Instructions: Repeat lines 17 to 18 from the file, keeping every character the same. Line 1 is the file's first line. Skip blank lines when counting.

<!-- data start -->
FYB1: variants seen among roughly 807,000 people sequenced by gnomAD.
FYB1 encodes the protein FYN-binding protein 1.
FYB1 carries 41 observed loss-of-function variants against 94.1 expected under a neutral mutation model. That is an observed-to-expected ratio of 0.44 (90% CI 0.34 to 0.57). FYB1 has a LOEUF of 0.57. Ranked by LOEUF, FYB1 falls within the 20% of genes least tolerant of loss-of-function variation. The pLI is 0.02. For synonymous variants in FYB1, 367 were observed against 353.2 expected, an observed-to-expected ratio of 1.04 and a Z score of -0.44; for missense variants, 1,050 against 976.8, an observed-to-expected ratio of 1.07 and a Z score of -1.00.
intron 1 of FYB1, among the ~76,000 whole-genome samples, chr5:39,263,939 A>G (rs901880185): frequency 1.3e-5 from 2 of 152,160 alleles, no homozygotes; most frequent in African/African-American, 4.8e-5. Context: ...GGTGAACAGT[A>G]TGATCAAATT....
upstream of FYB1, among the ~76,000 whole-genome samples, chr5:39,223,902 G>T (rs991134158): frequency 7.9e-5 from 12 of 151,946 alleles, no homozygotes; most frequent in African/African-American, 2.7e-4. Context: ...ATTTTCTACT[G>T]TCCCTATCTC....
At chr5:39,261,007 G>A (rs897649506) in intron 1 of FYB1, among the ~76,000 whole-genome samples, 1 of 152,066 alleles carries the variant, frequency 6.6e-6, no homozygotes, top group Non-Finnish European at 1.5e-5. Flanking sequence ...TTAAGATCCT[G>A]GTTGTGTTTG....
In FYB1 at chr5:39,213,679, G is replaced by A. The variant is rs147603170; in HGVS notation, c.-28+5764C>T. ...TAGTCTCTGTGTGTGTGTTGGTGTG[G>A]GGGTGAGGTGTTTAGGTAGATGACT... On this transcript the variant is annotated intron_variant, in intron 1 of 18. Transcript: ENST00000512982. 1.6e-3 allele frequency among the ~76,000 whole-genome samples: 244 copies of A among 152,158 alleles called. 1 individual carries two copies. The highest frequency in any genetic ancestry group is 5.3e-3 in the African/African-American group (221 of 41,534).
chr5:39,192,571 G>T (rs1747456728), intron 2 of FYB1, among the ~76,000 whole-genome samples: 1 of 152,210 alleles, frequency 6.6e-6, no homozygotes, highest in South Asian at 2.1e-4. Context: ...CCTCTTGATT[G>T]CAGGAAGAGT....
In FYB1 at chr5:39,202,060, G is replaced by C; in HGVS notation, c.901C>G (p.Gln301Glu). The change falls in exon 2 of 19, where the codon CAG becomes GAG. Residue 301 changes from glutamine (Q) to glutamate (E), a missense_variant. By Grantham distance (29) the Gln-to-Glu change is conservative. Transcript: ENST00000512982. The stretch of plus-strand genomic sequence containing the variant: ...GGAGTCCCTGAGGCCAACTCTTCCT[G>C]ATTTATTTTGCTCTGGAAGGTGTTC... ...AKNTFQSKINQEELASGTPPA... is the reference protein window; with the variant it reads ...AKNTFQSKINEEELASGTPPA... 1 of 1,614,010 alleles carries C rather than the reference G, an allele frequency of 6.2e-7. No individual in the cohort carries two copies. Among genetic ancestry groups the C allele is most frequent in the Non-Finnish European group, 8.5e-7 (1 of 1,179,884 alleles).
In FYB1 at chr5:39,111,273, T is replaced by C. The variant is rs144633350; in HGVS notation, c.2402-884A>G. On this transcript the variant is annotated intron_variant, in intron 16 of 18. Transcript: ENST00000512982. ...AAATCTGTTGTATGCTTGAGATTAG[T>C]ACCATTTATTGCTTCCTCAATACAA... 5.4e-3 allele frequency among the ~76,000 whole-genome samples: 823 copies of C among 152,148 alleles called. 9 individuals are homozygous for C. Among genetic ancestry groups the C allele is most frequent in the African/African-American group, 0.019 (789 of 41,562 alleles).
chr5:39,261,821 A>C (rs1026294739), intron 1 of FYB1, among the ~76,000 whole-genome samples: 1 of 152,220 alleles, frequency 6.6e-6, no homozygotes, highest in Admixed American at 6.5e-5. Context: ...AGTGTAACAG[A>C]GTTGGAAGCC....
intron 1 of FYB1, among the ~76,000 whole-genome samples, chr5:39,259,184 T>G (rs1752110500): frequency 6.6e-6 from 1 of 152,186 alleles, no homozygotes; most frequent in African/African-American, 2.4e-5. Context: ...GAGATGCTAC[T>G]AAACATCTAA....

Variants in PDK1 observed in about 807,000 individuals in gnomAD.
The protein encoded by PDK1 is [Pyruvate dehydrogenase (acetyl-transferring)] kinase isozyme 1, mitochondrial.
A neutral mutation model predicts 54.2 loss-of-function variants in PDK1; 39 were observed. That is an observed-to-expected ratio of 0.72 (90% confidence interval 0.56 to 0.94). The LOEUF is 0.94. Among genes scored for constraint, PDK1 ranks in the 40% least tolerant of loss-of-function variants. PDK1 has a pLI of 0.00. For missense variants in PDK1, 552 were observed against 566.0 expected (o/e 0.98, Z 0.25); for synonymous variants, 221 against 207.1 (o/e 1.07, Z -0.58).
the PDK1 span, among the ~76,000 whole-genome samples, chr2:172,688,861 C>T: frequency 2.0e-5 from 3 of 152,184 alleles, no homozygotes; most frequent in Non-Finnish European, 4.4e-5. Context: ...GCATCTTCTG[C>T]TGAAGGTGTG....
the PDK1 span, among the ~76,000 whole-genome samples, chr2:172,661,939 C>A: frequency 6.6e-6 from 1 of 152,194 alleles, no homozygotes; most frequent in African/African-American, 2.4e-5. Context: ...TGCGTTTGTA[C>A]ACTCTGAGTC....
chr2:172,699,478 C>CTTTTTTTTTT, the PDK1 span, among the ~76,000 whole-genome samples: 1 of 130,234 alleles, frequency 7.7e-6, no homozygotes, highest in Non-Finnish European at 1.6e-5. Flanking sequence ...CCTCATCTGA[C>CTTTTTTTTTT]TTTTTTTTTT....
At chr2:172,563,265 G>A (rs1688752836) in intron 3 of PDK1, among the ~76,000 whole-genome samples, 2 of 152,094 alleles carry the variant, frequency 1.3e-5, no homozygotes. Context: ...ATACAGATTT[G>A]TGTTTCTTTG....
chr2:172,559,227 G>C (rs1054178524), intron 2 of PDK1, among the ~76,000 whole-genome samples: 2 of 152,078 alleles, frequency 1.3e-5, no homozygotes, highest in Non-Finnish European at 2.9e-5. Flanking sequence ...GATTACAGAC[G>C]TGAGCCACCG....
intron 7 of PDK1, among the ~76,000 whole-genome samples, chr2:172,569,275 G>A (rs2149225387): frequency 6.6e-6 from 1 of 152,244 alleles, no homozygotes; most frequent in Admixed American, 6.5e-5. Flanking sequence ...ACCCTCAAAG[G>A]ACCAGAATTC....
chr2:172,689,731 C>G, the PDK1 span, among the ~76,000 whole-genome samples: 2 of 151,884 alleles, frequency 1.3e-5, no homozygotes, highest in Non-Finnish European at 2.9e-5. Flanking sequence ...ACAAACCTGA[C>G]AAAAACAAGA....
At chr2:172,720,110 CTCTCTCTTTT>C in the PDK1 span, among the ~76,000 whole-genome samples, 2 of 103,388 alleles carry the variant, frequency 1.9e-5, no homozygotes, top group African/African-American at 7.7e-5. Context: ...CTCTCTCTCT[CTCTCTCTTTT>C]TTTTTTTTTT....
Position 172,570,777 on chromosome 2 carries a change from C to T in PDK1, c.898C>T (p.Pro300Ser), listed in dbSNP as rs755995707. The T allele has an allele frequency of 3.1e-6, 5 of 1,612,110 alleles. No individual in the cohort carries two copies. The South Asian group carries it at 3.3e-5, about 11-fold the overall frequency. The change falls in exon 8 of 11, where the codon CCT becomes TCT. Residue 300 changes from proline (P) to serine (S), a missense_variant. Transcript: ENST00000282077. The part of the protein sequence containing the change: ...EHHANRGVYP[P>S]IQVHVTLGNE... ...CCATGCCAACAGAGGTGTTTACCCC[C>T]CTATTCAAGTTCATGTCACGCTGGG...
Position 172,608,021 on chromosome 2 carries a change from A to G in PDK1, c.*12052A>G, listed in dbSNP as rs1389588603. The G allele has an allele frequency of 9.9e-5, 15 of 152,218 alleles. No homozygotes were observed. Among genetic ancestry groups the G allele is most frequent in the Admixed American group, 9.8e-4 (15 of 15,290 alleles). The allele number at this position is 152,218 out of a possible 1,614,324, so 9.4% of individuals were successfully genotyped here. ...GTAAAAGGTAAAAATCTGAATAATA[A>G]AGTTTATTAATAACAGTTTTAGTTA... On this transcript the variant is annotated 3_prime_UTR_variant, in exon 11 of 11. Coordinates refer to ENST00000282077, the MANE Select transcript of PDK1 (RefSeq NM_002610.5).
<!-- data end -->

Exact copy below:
the PDK1 span, among the ~76,000 whole-genome samples, chr2:172,661,939 C>A: frequency 6.6e-6 from 1 of 152,194 alleles, no homozygotes; most frequent in African/African-American, 2.4e-5. Context: ...TGCGTTTGTA[C>A]ACTCTGAGTC....
chr2:172,699,478 C>CTTTTTTTTTT, the PDK1 span, among the ~76,000 whole-genome samples: 1 of 130,234 alleles, frequency 7.7e-6, no homozygotes, highest in Non-Finnish European at 1.6e-5. Flanking sequence ...CCTCATCTGA[C>CTTTTTTTTTT]TTTTTTTTTT....